Background: Older adults with complex medical conditions are vulnerable during care transitions. Poor care transitions can lead to poor patient outcomes and frequent readmissions to the hospital. Factors contributing to suboptimal care transitions: Key factors related to ineffective care transitions, which can lead to suboptimal patient outcomes, include poor cross-site communication and collaboration; lack of awareness of patient wishes, abilities, and goals of care; and incomplete medication reconciliation. Fundamental elements for effective care transitions put forth by The Joint Commission for effective care transitions include interdisciplinary coordination and collaboration of patient care in care transitions, shared accountability by all clinicians involved in care transitions, and provision of appropriate support and follow-up after discharge. Review of four existing models of care transitions: Consideration of four existing care transitions models representing different health care settings-Care Transitions Intervention® Guided Care, Interventions to Reduce Acute Care Transfers (INTERACT®), Home Health Model of Care Transitions-revealed that they are important but limited in their impact on transitions across health care settings. Proposal of the integrated care transitions approach: An innovative approach, Integrated Care Transitions Approach (ICTA), is proposed that incorporates the best practices of the four models discussed in this article and factors identified as essential for an effective care transition while addressing limitations of existing transitional care models. ICTA's four key characteristics and seven key elements are unique and stem from factors that help achieve effective care transitions.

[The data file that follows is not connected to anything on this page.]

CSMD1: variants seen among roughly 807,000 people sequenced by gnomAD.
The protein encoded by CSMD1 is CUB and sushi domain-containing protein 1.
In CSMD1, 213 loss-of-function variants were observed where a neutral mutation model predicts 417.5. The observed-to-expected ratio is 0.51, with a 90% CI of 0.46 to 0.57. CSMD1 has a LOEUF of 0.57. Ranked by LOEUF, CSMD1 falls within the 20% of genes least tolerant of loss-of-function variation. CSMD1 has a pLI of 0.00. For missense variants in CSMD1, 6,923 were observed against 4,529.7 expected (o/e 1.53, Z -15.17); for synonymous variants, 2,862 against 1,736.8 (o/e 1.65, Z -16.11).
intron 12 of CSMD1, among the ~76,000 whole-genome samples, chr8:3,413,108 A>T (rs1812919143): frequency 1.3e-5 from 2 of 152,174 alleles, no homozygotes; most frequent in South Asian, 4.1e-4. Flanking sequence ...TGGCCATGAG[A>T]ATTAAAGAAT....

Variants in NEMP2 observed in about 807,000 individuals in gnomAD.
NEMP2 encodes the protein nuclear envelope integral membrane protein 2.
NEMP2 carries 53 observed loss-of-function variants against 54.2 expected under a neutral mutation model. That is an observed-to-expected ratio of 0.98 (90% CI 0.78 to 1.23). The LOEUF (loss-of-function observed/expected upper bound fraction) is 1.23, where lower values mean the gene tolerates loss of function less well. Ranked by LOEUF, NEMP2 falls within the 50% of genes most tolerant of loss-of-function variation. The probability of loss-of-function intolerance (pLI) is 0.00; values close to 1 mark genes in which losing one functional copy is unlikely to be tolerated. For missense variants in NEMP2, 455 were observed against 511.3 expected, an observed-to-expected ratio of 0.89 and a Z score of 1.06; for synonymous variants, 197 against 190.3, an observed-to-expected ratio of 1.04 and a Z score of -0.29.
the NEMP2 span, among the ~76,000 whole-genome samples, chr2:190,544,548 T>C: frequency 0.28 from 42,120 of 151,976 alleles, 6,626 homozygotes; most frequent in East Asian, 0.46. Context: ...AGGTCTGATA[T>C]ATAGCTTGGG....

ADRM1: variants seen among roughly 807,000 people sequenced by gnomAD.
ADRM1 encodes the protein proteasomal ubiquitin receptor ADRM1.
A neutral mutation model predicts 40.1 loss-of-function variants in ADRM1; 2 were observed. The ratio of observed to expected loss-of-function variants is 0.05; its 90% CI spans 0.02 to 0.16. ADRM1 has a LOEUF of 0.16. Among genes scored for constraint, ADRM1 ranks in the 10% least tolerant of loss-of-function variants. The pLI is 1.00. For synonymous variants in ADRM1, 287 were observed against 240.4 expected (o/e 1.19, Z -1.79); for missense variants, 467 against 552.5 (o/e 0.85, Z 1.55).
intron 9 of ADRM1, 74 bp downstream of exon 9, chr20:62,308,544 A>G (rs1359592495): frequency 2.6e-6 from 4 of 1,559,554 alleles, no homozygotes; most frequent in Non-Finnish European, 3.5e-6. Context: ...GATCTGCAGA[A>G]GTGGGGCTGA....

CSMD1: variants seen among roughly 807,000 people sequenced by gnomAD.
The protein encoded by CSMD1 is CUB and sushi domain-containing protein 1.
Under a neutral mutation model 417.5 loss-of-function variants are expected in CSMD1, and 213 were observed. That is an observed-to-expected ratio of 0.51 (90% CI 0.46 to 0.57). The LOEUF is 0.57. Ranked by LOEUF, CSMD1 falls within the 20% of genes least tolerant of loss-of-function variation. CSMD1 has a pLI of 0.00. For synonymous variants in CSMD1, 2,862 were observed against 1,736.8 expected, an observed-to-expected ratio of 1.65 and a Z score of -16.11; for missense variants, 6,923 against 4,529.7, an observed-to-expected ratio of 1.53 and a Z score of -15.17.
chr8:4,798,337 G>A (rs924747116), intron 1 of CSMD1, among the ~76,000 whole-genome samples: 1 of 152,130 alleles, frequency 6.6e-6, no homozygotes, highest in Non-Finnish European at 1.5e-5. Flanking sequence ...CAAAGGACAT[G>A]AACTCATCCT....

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Objective: Widespread health information exchange (HIE) is a national objective motivated by the promise of improved care and a reduction in costs. Previous reviews have found little rigorous evidence that HIE positively affects these anticipated benefits. However, early studies of HIE were methodologically limited. The purpose of the current study is to review the recent literature on the impact of HIE. Methods: We used the Preferred Reporting Items for Systematic Reviews and Meta-Analyses guidelines to conduct our systematic review. PubMed and Scopus databases were used to identify empirical articles that evaluated HIE in the context of a health care outcome. Results: Our search strategy identified 24 articles that included 63 individual analyses. The majority of the studies were from the United States representing 9 states; and about 40% of the included analyses occurred in a handful of HIEs from the state of New York. Seven of the 24 studies used designs suitable for causal inference and all reported some beneficial effect from HIE; none reported adverse effects. Conclusions: The current systematic review found that studies with more rigorous designs all reported benefits from HIE. Such benefits include fewer duplicated procedures, reduced imaging, lower costs, and improved patient safety. We also found that studies evaluating community HIEs were more likely to find benefits than studies that evaluated enterprise HIEs or vendor-mediated exchanges. Overall, these finding bode well for the HIEs ability to deliver on anticipated improvements in care delivery and reduction in costs.